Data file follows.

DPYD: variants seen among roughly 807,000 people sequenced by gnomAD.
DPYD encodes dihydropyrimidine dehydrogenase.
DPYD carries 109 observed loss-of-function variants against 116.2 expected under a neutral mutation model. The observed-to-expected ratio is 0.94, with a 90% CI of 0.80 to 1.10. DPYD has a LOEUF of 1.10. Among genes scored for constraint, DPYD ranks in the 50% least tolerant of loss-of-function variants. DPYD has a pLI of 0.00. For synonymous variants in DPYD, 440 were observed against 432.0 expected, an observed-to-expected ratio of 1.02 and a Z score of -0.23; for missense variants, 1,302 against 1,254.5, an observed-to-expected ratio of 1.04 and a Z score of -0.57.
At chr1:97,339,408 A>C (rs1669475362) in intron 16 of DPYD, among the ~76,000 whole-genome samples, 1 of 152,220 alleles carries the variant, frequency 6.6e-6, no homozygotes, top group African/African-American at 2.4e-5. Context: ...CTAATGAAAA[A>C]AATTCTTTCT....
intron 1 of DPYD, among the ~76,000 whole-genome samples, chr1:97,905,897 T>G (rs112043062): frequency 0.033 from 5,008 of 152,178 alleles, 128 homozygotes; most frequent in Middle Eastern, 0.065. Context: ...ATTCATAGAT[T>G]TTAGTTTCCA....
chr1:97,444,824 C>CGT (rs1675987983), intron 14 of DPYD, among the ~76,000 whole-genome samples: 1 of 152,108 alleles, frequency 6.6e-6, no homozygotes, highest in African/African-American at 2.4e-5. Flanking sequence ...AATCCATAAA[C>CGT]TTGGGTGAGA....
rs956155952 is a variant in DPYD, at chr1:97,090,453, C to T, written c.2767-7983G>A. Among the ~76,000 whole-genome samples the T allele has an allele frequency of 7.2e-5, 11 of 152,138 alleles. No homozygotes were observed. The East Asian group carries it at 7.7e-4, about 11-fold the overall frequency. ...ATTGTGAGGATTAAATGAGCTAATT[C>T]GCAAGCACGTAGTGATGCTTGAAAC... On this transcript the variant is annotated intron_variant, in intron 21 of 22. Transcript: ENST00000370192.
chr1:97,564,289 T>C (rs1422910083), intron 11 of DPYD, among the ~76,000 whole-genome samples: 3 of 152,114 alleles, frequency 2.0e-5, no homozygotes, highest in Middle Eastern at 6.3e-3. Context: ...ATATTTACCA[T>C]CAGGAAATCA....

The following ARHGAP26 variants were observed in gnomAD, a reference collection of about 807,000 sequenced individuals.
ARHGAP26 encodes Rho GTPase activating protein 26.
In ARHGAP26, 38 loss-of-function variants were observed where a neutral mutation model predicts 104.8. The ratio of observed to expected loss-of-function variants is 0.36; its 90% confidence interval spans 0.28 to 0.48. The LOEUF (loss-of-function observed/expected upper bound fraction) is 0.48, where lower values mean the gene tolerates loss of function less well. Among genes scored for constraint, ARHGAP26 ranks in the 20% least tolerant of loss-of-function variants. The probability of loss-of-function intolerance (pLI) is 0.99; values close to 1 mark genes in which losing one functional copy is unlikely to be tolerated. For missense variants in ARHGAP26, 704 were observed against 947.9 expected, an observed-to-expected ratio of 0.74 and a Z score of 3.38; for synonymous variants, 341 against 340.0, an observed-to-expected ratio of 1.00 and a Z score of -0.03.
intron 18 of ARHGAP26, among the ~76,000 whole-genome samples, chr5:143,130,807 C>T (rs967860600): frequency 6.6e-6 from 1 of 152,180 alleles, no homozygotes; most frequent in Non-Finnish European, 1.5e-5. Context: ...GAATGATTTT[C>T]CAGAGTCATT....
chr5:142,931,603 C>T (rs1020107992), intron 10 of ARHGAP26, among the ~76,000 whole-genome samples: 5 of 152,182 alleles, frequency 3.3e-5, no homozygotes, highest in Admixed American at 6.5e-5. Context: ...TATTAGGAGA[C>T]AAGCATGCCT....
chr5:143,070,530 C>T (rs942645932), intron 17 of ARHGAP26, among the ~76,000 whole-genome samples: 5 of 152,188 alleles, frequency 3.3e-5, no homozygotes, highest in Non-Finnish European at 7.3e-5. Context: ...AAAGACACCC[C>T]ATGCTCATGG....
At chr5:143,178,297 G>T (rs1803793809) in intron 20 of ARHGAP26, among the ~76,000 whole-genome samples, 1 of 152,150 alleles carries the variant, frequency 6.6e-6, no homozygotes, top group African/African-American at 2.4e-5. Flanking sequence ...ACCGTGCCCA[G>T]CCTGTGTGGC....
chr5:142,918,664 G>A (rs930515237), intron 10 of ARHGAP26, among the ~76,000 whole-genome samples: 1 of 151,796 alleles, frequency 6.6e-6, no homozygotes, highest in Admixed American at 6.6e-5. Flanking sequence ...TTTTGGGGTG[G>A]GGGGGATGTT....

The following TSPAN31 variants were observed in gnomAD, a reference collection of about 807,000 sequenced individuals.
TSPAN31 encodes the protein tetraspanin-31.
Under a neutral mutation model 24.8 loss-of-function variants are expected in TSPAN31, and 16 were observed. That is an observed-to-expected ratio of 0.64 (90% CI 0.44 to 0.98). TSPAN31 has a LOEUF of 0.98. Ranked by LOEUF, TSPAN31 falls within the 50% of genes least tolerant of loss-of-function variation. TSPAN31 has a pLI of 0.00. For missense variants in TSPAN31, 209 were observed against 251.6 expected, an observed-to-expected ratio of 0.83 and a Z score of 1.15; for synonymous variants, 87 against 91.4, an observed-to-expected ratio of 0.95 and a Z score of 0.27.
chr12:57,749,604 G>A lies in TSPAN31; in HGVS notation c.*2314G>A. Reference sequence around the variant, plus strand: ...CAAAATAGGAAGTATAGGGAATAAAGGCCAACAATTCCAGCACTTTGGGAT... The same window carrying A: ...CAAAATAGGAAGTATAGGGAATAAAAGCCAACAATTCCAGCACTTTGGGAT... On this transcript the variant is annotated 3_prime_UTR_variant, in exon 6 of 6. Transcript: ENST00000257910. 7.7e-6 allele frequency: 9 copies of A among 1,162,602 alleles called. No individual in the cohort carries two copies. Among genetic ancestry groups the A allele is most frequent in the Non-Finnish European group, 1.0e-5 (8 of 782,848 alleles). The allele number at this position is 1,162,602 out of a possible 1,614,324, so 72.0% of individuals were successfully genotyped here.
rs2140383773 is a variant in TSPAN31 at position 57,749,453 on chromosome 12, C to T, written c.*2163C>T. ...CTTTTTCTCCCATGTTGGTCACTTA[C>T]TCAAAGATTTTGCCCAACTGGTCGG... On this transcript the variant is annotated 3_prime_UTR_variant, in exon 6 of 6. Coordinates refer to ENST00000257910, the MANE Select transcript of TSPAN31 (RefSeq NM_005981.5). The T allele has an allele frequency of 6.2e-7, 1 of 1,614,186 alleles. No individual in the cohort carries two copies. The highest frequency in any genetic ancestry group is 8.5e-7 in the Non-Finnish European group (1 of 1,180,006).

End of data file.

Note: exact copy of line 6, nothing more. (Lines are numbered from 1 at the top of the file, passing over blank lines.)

chr1:97,444,824 C>CGT (rs1675987983), intron 14 of DPYD, among the ~76,000 whole-genome samples: 1 of 152,108 alleles, frequency 6.6e-6, no homozygotes, highest in African/African-American at 2.4e-5. Flanking sequence ...AATCCATAAA[C>CGT]TTGGGTGAGA....